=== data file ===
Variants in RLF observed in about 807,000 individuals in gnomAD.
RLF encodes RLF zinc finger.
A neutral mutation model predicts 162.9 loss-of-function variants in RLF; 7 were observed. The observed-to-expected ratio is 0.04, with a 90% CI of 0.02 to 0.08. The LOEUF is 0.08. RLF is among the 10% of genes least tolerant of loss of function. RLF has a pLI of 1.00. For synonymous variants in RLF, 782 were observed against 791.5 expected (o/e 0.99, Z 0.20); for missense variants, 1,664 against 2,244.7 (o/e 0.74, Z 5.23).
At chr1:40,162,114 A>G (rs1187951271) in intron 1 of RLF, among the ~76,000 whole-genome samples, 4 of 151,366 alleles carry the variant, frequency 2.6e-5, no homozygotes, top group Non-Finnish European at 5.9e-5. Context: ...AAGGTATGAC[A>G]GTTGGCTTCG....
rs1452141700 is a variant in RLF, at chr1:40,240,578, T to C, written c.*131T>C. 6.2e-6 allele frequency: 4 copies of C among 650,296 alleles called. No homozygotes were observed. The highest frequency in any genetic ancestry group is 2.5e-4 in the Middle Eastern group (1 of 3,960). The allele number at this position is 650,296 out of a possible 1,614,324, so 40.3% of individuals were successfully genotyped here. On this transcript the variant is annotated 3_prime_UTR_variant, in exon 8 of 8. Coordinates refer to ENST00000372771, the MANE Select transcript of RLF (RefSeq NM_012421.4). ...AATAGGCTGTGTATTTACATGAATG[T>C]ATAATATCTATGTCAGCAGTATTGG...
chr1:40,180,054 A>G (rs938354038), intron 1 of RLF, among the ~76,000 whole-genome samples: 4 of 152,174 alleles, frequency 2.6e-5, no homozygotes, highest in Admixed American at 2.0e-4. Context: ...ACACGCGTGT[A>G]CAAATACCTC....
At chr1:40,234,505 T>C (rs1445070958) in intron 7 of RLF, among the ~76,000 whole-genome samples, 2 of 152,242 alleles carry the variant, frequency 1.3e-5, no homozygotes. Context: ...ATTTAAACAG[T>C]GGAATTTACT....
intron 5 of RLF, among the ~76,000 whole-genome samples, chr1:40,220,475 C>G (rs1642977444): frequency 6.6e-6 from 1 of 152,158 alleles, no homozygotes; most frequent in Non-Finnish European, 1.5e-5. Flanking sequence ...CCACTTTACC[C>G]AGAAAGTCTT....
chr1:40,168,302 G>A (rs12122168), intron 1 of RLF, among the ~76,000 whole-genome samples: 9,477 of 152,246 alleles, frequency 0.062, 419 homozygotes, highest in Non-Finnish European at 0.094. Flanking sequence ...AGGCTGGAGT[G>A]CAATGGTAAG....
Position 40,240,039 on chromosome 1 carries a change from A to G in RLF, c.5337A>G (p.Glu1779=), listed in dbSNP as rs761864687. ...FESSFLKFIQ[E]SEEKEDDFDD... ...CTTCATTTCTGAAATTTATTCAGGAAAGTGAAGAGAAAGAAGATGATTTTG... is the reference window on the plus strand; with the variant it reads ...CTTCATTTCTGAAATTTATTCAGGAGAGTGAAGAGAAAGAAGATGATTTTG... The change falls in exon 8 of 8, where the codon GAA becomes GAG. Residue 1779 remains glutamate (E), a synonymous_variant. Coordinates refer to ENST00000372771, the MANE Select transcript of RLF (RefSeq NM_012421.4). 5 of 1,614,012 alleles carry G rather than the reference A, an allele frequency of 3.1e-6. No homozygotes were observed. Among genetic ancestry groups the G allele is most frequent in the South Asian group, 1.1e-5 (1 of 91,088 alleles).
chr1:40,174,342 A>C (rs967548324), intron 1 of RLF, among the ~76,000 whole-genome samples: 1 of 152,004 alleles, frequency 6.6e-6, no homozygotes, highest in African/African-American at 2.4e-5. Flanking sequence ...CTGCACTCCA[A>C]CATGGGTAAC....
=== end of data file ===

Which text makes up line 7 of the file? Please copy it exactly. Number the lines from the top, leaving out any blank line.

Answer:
At chr1:40,234,505 T>C (rs1445070958) in intron 7 of RLF, among the ~76,000 whole-genome samples, 2 of 152,242 alleles carry the variant, frequency 1.3e-5, no homozygotes. Context: ...ATTTAAACAG[T>C]GGAATTTACT....